Ever since the devastating earthquake in Haiti, I’ve felt it quite frivolous to go about daily tasks such as recipe developing, recipe testing and writing about the intricate details and characteristics of food while an entire island nation of people suffer from lack of the most basic necessities: shelter, water food and medical attention.
As I write this, people are still in desperate need of medical supplies, medical care, food, water and shelter. With over 150,000 dead and hundreds of thousands of homeless in Haiti, it makes for an important reminder of all the blessings Allah (swt) has bestowed on each and every one of us who is easily able to answer the question, “what’s for dinner”?
We can answer with a ride to the grocery store, a multitude of lavish choices upon arrival, followed by an exchange of cash for goods. The people of Haiti barely have a single one of these choices. Without stores selling, and what there is to be sold is selling at exorbitant prices, the people simply go without. In many cases, cash is useless.
Even before the earthquake, there was such extreme poverty in the country that many Haitians, especially homeless children, were forced to eat mud cakes in order to stay alive. I know this because two years ago I taught my junior high students current events. They learned that Haitians were making cakes out of mud and water to sell and to eat in order to survive. The kids were so moved by this story that they organized a bake sale to raise funds, which were in turn sent to help the Haitians rise out of their destitute situation.
Imagine that being a reality before the earthquake.
It is my hope that after so much media attention wanes we will not forget how many lives have been altered by such a catastrophic event and that each person suffering will most likely need a helping hand in one way or another.
Whatever you can do- big or small- please do it. If you don’t have the financial means, use the power of du’a (supplication, prayer) to ask Allah (swt) to give the Haitians what they need and what is best for them to make it through another day.
As I watch the suffering of the Haitians, many other natural catastrophic events, and the destruction of the environment, I’m reminded of my grandparents and great grandparents who suffered through poverty, war, and times of famine, yet they lived to tell about it. One of the most basic staples everyone knew how to make was bread. It was equated with survival then and before then and still is a basic survival food in every culture around the world in some shape or form.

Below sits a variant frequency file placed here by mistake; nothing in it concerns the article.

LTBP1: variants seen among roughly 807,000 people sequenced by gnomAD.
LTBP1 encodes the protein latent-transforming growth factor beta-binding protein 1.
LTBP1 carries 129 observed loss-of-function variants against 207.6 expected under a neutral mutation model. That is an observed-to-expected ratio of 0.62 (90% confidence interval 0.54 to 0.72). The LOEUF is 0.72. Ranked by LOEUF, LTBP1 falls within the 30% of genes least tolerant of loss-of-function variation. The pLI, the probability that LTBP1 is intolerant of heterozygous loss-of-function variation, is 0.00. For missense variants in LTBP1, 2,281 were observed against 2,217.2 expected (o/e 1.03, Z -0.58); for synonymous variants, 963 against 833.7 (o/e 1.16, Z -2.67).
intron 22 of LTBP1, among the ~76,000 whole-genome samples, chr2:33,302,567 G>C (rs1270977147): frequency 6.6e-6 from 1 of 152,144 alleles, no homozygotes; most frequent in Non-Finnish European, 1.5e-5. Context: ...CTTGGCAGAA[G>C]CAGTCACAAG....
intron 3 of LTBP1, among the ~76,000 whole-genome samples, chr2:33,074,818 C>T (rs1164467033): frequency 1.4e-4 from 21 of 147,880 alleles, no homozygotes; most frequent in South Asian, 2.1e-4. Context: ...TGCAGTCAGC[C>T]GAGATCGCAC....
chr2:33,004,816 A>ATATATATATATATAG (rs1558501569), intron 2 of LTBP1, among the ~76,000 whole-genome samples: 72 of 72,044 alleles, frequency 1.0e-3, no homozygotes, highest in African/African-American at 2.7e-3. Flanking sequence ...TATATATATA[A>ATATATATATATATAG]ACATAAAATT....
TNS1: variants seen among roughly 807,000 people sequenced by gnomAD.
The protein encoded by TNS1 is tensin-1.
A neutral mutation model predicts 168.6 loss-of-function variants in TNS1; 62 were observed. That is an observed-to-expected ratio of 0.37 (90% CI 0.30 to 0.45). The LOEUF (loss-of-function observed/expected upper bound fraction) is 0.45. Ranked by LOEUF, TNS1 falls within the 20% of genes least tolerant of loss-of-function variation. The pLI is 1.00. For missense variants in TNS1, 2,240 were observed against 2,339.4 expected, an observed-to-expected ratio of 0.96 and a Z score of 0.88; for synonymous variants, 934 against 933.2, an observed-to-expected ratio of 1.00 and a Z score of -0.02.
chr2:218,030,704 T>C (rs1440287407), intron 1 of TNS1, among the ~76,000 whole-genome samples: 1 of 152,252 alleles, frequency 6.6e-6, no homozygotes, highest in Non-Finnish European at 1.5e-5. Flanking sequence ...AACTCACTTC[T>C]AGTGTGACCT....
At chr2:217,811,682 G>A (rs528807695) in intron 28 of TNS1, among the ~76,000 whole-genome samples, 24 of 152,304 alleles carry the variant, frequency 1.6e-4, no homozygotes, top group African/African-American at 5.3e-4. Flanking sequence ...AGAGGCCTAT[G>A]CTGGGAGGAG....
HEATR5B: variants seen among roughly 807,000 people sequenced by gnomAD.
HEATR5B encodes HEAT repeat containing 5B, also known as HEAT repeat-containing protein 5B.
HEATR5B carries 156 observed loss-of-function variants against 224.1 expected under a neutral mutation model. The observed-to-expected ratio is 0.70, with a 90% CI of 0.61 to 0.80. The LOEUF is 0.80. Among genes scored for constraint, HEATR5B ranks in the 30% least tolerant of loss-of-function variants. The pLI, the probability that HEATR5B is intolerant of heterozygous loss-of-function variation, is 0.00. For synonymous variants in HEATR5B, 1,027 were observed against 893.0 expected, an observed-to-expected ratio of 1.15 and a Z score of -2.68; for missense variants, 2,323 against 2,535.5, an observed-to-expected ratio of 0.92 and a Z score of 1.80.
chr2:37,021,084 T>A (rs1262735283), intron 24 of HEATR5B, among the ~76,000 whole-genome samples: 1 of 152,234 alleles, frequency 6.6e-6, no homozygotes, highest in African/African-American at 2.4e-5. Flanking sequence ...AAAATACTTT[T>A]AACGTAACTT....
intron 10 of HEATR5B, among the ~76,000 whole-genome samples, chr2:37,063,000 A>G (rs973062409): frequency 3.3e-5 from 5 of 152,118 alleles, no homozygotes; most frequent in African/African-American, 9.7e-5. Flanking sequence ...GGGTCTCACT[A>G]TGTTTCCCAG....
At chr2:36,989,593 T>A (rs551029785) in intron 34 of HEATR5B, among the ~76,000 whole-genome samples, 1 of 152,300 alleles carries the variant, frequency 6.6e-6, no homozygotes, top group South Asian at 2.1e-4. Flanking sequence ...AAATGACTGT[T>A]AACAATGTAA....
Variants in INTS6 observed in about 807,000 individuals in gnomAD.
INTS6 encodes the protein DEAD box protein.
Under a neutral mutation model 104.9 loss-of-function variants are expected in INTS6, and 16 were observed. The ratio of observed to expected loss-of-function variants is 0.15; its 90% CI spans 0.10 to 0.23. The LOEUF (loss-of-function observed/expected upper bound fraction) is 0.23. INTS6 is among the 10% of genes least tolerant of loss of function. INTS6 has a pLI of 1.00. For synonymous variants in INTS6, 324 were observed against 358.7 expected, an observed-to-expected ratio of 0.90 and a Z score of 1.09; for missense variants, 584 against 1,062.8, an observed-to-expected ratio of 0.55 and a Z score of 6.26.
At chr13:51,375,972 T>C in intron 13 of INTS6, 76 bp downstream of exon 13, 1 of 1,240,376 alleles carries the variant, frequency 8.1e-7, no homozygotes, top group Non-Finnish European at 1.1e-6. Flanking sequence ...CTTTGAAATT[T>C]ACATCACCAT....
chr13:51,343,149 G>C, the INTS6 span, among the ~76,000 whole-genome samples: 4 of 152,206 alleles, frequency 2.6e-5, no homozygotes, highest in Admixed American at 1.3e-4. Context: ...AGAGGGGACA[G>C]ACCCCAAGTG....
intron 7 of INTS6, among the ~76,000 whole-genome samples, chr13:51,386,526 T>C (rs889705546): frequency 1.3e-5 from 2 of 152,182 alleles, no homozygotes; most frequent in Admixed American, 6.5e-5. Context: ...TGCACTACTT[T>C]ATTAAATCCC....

Basic Foccacia Bread
This is a basic recipe for foccacia bread (an Italian flat bread). I’ve memorized it, not because I’ve made it so many times or because it’s so versatile, but simply because I’ve always felt it necessary to know the recipe without relying on a cookbook. Made from flour, yeast, water, oil, and salt- five ingredients that sustains us and fills our stomachs in times of excess, but also in times of need, alhamdullilah.
1 cup warm water
2 1/2 teaspoons active dry yeast
2 ½ cups all-purpose flour (+ more, as needed)
1/3 cup extra virgin olive oil + more, as needed)
1/2 teaspoon sea salt
1. In the bowl of a food processor or stand mixer, drop the yeast into the warm water. Let proof for about ten minutes.
2. Add only 1/2 cup of flour along with the salt and pulse the processor or use the dough hook of the mixer to blend thoroughly.
3. Add the rest of the flour and the olive oil and mix well until you have a ball of dough that is not sticky, but is smooth and elastic.
4. Cover the bowl and allow the dough to rise for about one hour, or until it has doubled in size.
5. On a floured counter or flat surface punch out the dough to form either a large circle or rectangular shape. Place onto a baking sheet covered in parchment paper or a cotton towel.
6. Preheat the oven to 400° F.
7. Using the teeth of a fork, poke holes all over the dough. Then, using the pad of your fingers, poke the dough lightly in various places to form indentations. Cover with a towel and allow the dough to rest for another 30 minutes or until it has risen.
8. Using a pastry brush, rub the extra oil all over the surface of the bread dough.
9. Place the bread into the hot oven for approximately 20 minutes, or until is a golden brown on top. Be careful not to overcook or it will become very hard.
Serve as a flat bread with olive oil for dipping or make additions to the dough before baking (i.e. cheese, cooked ground meat, thinly sliced veggies)